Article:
Gertrude and Alice by Anna Chatterton and Evalyn Parry | Play Review

Monday, 30 April 2018






Book: Gertrude and Alice

Authors: Anna Chatterton, Evalyn Parry, with Karin Randoja

Publisher: Playwrights Canada Press

Pages: 88 Pages

Format: Paperback

Source: Sent to me for review from PCP



This was sent to me by Playwrights Canada Press in exchange for an honest review. Thanks so much, PCP!

To learn more about the presentation of 'Gertrude and Alice', check out the Buddies in Bad Times Theatre Company Website here.




A new work from the acclaimed feminist theatre collective Independent Aunties exploring the lives, love, and legacy of queer icons Gertrude Stein and Alice B. Toklas.

Visiting the audience in the present day, Gertrude and Alice come to find out how history has treated them. The couple recounts stories of their forty-year relationship; of meetings with iconic artists and writers; and of Alice’s overwhelming, consuming devotion to Gertrude’s genius. Before they leave, they want to find out what has become of their artistic and cultural influence, and how their lives and work are—or are not—remembered.





If there's one thing that can immediately grab my attention, it's anything involving the Lost Generation. There's something about those American Expats in Paris that just grabs onto me and won't let go. So when I saw this on the Playwrights Canada Press website, I knew that I needed it. It was almost a guttural response. Gertrude Stein, the woman who invented the term 'Lost Generation', and Alice B. Toklas, one of the most loyal partners in history? A play about the best art parents ever? Yes. Please. And I'm so thrilled that it surpassed even my highest expectations.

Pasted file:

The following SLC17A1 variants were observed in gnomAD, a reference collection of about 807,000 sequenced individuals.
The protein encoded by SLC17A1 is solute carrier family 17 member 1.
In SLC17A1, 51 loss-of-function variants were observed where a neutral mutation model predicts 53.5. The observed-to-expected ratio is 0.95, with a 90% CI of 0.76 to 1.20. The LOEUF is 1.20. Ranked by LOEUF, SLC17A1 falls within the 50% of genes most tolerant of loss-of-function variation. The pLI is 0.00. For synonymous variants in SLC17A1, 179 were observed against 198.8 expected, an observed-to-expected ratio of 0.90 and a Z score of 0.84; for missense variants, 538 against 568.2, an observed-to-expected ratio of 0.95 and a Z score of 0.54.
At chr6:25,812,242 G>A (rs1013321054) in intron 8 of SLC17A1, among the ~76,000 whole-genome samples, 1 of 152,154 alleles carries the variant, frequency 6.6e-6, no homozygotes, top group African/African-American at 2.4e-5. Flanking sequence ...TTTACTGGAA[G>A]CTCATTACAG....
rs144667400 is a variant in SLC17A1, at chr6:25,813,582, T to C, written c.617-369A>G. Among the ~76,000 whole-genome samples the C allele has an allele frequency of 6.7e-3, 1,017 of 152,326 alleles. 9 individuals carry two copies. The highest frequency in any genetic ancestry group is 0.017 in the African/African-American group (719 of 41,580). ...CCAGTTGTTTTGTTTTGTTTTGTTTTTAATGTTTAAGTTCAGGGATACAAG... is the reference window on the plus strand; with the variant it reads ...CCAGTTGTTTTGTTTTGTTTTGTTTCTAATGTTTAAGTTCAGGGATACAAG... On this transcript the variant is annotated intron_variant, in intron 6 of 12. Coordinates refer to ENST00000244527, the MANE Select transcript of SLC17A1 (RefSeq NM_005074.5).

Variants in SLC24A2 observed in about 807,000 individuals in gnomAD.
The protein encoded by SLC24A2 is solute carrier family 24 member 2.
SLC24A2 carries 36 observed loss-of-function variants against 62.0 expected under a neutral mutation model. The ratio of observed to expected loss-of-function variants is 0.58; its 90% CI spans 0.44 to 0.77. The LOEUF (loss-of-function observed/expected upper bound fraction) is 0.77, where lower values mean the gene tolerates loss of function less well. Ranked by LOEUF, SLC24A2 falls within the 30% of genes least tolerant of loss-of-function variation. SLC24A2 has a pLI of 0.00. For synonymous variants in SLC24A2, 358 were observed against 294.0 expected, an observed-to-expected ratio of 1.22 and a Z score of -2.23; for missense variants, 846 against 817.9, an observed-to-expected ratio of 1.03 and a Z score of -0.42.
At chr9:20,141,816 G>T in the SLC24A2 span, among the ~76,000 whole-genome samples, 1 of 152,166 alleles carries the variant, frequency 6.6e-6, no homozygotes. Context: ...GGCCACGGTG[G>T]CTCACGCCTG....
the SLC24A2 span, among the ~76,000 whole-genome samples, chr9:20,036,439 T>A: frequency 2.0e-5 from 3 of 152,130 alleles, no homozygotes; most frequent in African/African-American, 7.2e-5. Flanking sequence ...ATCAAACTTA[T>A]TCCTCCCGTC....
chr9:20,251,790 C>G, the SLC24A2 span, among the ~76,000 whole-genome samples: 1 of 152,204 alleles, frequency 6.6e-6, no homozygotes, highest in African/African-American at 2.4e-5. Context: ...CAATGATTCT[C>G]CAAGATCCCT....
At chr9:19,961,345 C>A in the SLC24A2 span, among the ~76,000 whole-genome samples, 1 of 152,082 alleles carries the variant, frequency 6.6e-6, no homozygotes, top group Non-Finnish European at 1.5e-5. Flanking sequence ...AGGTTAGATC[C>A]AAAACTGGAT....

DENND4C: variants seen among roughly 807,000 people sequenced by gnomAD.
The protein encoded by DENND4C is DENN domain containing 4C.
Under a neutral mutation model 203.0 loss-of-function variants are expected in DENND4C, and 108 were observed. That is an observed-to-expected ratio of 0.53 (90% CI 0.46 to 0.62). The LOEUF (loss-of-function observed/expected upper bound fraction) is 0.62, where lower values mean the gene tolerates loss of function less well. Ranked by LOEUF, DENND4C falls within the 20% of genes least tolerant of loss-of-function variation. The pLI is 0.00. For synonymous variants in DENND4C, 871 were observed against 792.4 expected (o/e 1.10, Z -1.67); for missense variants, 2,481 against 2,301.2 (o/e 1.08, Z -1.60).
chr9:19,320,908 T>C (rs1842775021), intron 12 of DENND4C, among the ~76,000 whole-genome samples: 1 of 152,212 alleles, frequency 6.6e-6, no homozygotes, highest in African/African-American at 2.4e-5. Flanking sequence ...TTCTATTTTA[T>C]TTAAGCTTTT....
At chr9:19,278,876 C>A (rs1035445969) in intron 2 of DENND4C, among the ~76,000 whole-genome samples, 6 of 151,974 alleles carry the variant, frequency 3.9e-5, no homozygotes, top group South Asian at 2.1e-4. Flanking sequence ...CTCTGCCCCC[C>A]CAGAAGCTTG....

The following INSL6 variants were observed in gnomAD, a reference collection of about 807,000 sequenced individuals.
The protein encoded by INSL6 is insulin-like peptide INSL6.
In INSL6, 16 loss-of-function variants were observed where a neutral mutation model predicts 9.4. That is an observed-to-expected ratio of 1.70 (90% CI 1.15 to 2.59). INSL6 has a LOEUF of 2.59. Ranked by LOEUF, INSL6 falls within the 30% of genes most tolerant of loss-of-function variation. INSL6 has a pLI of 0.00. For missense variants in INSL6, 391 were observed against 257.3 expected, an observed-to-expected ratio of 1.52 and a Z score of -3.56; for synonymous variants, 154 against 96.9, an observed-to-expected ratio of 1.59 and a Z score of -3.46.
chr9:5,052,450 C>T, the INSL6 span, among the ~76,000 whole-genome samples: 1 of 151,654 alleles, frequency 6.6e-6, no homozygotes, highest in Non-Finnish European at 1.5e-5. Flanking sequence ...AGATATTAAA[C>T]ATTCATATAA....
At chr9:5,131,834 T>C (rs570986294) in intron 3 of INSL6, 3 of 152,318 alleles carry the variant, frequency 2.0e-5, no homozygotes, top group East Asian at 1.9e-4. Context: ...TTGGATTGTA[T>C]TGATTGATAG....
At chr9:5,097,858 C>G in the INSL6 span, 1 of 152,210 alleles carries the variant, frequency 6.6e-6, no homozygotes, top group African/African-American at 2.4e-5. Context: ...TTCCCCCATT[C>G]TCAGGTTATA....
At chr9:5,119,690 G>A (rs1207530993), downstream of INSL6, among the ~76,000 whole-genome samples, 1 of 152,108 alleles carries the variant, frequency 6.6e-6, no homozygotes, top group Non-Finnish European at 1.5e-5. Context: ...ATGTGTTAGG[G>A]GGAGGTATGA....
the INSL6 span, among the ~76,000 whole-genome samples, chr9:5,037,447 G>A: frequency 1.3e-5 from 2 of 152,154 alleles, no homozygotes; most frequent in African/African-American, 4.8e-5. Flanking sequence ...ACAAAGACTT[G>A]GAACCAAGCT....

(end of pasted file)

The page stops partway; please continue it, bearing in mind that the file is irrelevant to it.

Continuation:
Gertrude and Alice perfectly blended original text with the actual words of the actual people. In the play text, the italicized words are ones that Gertrude and Alice actually said, whether it be in letters or elsewhere. I was so fascinated that the playwrights pulled in all of these historical elements, and really centered these women and the interpretation of them around their own words. It gave the play a startling sense of intimacy, and I can only imagine how incredible it must be to see it performed live. 

The writing, and the integration of Gertrude and Alice's words, was stellar, because it pushed along a narrative that wasn't really there. The entire play is just that these two women have showed up in modern day, and are talking to the audience. It's quite simple, really. But at the end of the play, looking back at how much you've learned, how much has been done and said, I felt like I had gone on a true adventure. That I had learned more about Alice and Gertrude as people than any history book or biography could teach me. Because I could picture them interacting, and just being in the presence of one another. 

I also loved reading the conversations between the two about their art collection. Their collection, and their Salon nights are my favourite facts about these two women, and getting to hear more about it, and hearing about Gertrude and Picasso's relationship was so fascinating. When reading about their friendship in a biography or a history book, you don't get the same emotion or the level of passion as you get in this play. We really get to see Gertrude's true colours here, and it makes their relationship much more dynamic and colourful in my mind.

But that can be said about the whole play. These two women, these spectacular women, are now much more dynamic and alive in my mind. They are living breathing figures, where in the past they've been stationary, semi stuck in the past. I loved getting to read about these two women, and now I'm desperate to actually see this up on a stage.

5/5 Stars. If you're at all interested in this generation, art, or just good theatre, pick this up!

Happy Reading!



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